Besides the music industry, movies are also heavily affected by online piracy. For example, the Vietnamese movie Bụi Đời Chợ Lớn was the victim of online piracy. The movie is about the wars of gangsters in Cho Lon Market in Vietnam and has been banned by the Vietnam Cinema Department from showing in cinemas. In 2013, the internet leaked the film at a dizzying speed. Due to the film being banned from screening, the property damage has no causal relationship with the person who illegally distributed the film. Still, this copyright infringement has seriously affected the director. When a director has spent too much effort and money on a feature film, but it is illegally distributed, morale is greatly affected. However, it is difficult to determine this infringement's actual damage in this case. The same situation with season 5 of HBO's Game of Thrones was leaked 24 hours before the official premiere on April 12th, 2015. Within 12 hours of the leak, the four episodes combined had been downloaded almost 800,000 times (IBTimes). After 18 hours, the first episode alone was reportedly downloaded over a million times before airing on HBO (Tassi, 2015). This piracy led to HBO losing a huge amount of damage based on this leaking.

Currently, many websites offer free copyrighted movies to consumers without the license or consent of the rights holders. For example, thousands of movies shared for free on the website have caused significant damage to the film industry. According to SimilarWeb, in 2020, still ranks 27th in the global entertainment industry websites despite blocking access by network operators. In addition, the owner of this website is being prosecuted under criminal law in Vietnam (Tuoi Tre Online, 2021).

Figure 3: Illustration for website and copyright infringement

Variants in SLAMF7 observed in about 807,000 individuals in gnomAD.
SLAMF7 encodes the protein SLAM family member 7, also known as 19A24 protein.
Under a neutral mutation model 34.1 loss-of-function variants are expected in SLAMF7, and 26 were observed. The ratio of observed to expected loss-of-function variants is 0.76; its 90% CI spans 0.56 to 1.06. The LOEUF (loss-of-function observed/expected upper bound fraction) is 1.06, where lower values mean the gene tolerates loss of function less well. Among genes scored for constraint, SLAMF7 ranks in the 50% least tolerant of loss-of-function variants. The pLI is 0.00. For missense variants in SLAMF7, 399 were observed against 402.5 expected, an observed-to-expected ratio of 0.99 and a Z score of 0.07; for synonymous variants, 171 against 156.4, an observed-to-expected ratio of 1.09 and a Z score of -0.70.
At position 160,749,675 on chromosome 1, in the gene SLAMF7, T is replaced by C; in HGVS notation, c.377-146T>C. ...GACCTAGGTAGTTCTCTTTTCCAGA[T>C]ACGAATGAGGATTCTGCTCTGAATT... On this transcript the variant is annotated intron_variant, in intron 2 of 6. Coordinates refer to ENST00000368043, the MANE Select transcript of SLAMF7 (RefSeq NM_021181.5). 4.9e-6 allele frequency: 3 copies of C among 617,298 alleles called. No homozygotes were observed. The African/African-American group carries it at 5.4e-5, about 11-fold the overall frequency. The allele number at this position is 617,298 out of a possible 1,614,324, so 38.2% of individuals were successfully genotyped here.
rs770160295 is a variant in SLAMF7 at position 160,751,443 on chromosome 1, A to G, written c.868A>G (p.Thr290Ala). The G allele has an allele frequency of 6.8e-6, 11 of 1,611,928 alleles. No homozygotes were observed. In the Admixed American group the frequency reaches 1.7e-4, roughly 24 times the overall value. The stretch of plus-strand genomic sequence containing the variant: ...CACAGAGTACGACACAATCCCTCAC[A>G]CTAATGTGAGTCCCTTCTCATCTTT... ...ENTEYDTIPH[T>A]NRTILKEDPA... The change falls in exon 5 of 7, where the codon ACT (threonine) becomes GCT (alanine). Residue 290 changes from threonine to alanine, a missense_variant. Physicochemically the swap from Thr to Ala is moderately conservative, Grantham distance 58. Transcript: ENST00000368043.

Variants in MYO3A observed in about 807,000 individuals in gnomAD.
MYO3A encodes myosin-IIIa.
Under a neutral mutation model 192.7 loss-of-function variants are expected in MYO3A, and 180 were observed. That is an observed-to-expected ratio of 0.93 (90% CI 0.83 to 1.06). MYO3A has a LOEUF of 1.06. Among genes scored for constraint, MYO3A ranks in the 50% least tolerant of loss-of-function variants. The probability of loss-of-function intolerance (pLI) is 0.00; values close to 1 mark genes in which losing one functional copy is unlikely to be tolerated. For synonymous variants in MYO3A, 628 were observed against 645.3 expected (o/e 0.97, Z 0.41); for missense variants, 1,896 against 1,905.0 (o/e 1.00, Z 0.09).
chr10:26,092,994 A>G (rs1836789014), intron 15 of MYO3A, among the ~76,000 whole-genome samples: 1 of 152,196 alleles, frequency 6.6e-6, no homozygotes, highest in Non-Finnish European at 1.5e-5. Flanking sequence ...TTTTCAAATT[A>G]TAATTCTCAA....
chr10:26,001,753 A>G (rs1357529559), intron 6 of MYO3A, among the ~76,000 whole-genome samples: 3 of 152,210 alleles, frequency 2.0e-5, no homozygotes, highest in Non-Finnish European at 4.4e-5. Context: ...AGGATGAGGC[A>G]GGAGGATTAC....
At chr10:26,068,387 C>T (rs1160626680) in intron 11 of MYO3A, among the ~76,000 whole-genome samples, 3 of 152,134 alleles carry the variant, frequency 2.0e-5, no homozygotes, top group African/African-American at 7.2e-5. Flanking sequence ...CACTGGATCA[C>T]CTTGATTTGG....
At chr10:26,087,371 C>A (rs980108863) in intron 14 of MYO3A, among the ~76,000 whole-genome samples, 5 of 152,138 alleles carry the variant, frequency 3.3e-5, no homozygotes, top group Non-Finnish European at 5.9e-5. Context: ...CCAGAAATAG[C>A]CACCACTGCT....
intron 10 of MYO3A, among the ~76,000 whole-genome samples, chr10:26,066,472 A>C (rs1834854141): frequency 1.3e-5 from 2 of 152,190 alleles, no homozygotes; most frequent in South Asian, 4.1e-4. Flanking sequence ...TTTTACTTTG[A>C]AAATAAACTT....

Impact on the Right of Publicity

In addition to copyright infringement, as mentioned earlier, the right to publish works is also heavily affected by online sharing platforms. Examples can be given in the publicity of music products on Youtube. In the case of Frank Peterson v. Google, the plaintiff is Mr Frank Peterson, a German music producer and exclusive distributor of recordings and performances of singer Sarah Brightman, who sued Google, the parent company of YouTube. On November 6 and 7, 2008, works from singer Sarah Brightman's album and recordings from her "Symphony Tour" concerts were shared on YouTube without permission. On November 7, 2008, Mr Frank Peterson complained to Google Germany about this sharing and YouTube then blocked access to those works. However, on November 19, 2008, those works reappeared on the YouTube platform. Then he sued Google and YouTube at the Hamburg Regional Court, asking for damages and an end to the infringement. It can be seen that openly sharing Sarah Brightman's works on this free sharing platform has reduced the revenue of "Symphony Tour" concerts and seriously violated the right to publicity of these works on the Internet. Infringement of the right to publish works often occurs on the internet as live streams (Frank Peterson v Google LLC, 2021). When the author only wants to publish his work in private, but that same work is widely published on the internet, it leads to heavy losses for the author in terms of both economic rights and moral rights.

Figure 4. Copyright claim on YouTube


Currently, the laws of many countries around the world are binding legal responsibility on online sharing service providers to minimise copyright infringement. Accordingly, the intermediary service manager acts as the gatekeeper of works that need copyright protection. However, the awareness of online users is important in copyright protection. Cyberspace is an environment to increase copyright value, not to infringe copyright.

Bibliographical References

A&M Records, Inc. v. Napster, Inc case law.

Act on Copyright and Related Rights (Urheberrechtsgesetz – UrhG). (n.d.). Retrieved December 17, 2022, from

BBC News. (2018, March 1). How Spotify came to be worth billions. Retrieved December 17, 2022, from

Berne Convention for the Protection of Literary and Artistic Works. (2019). Retrieved December 17, 2022, from

Eriksson, M., Fleischer, R., Johansson, A., Snickars, P., & Vonderau, P. (2019). Spotify Teardown: Inside the Black Box of Streaming Music (The MIT Press) (Illustrated). The MIT Press.

Tassi, P. (2015, April 12). Nearly Half Of “Game of Thrones” Season 5 Has Leaked Online. Forbes. Retrieved December17, 2022, from

Tuoi Tre Online (2021, August 27). Khởi tố “Dấu mốc cực kỳ quan trọng trong xử lý vi phạm bản quyền phim.” [Prosecution of “An extremely important milestone in handling film piracy.”] Retrieved December17, 2022, from.

WTO | intellectual property (TRIPS) - agreement text - contents. (2019). Retrieved December 17, 2022, from

Visual Sources

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Bui Le Hoang Yen